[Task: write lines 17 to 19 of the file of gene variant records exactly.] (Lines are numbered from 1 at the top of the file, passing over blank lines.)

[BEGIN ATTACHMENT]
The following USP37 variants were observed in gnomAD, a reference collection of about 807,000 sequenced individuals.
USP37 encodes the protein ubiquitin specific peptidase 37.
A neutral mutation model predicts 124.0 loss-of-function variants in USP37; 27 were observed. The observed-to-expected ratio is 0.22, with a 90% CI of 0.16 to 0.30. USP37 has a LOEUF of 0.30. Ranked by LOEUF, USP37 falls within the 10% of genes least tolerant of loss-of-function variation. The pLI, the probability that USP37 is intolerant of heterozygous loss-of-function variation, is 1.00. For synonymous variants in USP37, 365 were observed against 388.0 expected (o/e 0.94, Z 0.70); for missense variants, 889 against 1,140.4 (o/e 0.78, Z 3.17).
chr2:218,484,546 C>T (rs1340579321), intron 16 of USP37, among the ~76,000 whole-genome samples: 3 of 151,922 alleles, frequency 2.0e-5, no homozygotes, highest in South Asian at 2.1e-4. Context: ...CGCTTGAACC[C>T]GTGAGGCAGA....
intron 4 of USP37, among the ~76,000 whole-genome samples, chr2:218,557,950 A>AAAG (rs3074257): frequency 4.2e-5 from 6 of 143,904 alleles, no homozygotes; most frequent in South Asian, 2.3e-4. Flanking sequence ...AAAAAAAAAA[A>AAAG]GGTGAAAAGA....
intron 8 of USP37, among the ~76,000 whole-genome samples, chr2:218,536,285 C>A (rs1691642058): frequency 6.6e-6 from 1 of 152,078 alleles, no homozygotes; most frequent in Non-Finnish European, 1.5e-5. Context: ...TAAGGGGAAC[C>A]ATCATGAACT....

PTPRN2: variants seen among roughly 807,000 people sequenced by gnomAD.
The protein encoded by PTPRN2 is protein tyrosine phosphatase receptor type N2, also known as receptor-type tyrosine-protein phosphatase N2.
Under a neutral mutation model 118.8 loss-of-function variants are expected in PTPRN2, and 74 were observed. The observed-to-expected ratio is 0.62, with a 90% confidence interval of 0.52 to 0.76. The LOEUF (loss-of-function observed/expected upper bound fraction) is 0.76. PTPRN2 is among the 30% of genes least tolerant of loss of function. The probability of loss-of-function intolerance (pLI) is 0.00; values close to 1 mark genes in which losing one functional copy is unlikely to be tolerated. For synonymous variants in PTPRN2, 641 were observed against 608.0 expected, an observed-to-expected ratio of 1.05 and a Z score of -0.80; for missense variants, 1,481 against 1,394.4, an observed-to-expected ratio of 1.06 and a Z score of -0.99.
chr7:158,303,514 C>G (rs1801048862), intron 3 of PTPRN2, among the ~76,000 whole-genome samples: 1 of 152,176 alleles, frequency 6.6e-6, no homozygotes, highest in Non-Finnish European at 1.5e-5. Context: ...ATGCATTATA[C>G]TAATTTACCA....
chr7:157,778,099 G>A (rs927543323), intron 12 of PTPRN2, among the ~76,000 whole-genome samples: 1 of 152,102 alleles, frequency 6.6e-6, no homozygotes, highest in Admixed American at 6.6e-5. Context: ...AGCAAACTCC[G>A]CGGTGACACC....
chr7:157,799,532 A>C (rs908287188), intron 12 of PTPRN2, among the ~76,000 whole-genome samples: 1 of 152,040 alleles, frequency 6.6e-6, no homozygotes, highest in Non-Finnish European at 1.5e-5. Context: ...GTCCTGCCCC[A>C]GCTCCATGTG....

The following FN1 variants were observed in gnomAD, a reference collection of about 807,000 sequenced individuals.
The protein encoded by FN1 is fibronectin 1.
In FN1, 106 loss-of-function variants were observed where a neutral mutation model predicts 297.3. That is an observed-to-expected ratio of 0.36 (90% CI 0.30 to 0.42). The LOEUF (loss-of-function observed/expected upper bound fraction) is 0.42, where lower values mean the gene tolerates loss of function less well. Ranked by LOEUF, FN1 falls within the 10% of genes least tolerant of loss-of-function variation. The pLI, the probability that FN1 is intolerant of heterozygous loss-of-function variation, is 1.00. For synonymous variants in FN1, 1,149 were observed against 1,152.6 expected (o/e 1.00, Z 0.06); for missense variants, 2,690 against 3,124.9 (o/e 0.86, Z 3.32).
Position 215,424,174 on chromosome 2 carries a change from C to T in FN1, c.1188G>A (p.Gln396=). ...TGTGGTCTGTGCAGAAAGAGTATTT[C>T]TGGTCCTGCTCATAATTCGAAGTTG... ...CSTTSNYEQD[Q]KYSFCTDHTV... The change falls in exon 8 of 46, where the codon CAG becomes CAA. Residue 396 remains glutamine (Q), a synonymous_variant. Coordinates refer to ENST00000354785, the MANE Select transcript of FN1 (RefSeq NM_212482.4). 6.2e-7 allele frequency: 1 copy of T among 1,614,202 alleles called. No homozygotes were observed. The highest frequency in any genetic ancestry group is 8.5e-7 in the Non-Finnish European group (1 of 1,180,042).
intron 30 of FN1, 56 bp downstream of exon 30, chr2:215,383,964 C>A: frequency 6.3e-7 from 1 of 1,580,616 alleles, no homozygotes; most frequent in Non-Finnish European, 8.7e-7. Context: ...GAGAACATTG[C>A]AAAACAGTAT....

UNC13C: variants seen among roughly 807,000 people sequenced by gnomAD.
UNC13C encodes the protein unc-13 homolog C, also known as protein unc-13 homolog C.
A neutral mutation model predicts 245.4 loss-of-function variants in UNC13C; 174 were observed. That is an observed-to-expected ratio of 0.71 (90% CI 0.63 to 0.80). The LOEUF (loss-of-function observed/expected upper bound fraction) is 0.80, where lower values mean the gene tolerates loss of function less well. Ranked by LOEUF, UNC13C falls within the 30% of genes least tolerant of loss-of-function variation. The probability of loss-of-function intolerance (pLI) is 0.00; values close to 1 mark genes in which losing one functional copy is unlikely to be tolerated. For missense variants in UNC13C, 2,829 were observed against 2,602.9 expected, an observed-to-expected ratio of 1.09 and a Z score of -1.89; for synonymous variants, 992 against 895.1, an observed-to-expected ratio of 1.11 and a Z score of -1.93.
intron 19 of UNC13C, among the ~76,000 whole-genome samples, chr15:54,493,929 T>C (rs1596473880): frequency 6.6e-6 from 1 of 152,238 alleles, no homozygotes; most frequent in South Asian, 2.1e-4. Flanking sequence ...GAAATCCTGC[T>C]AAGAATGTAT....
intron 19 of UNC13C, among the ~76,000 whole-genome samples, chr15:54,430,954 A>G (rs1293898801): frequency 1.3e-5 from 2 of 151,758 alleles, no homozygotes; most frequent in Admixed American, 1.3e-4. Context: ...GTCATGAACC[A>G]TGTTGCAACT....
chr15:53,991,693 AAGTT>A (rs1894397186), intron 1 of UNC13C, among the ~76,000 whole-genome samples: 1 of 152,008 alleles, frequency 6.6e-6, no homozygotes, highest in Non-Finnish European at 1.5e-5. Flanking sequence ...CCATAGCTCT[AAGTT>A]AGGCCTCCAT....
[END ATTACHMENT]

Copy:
intron 30 of FN1, 56 bp downstream of exon 30, chr2:215,383,964 C>A: frequency 6.3e-7 from 1 of 1,580,616 alleles, no homozygotes; most frequent in Non-Finnish European, 8.7e-7. Context: ...GAGAACATTG[C>A]AAAACAGTAT....

UNC13C: variants seen among roughly 807,000 people sequenced by gnomAD.
UNC13C encodes the protein unc-13 homolog C, also known as protein unc-13 homolog C.